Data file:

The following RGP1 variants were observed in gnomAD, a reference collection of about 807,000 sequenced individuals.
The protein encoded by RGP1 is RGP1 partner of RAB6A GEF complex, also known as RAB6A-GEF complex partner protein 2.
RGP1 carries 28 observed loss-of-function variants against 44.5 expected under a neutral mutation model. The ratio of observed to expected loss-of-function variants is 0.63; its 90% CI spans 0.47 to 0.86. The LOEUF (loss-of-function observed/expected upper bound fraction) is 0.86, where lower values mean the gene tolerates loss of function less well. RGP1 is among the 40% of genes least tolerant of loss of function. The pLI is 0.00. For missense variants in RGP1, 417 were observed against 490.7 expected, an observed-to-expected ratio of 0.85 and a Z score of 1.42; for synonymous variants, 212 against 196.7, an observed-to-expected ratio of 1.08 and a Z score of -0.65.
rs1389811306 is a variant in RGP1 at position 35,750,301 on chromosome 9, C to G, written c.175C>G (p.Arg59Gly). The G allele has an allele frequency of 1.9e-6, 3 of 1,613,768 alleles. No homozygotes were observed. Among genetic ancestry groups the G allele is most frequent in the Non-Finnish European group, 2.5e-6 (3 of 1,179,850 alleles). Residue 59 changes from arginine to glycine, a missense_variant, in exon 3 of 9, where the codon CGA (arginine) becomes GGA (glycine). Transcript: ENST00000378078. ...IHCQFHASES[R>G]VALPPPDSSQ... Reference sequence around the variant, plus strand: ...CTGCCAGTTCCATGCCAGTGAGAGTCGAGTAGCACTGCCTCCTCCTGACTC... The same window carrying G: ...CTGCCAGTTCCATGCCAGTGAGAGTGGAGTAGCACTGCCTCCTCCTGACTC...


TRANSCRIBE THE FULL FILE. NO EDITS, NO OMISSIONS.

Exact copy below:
The following RGP1 variants were observed in gnomAD, a reference collection of about 807,000 sequenced individuals.
The protein encoded by RGP1 is RGP1 partner of RAB6A GEF complex, also known as RAB6A-GEF complex partner protein 2.
RGP1 carries 28 observed loss-of-function variants against 44.5 expected under a neutral mutation model. The ratio of observed to expected loss-of-function variants is 0.63; its 90% CI spans 0.47 to 0.86. The LOEUF (loss-of-function observed/expected upper bound fraction) is 0.86, where lower values mean the gene tolerates loss of function less well. RGP1 is among the 40% of genes least tolerant of loss of function. The pLI is 0.00. For missense variants in RGP1, 417 were observed against 490.7 expected, an observed-to-expected ratio of 0.85 and a Z score of 1.42; for synonymous variants, 212 against 196.7, an observed-to-expected ratio of 1.08 and a Z score of -0.65.
rs1389811306 is a variant in RGP1 at position 35,750,301 on chromosome 9, C to G, written c.175C>G (p.Arg59Gly). The G allele has an allele frequency of 1.9e-6, 3 of 1,613,768 alleles. No homozygotes were observed. Among genetic ancestry groups the G allele is most frequent in the Non-Finnish European group, 2.5e-6 (3 of 1,179,850 alleles). Residue 59 changes from arginine to glycine, a missense_variant, in exon 3 of 9, where the codon CGA (arginine) becomes GGA (glycine). Transcript: ENST00000378078. ...IHCQFHASES[R>G]VALPPPDSSQ... Reference sequence around the variant, plus strand: ...CTGCCAGTTCCATGCCAGTGAGAGTCGAGTAGCACTGCCTCCTCCTGACTC... The same window carrying G: ...CTGCCAGTTCCATGCCAGTGAGAGTGGAGTAGCACTGCCTCCTCCTGACTC...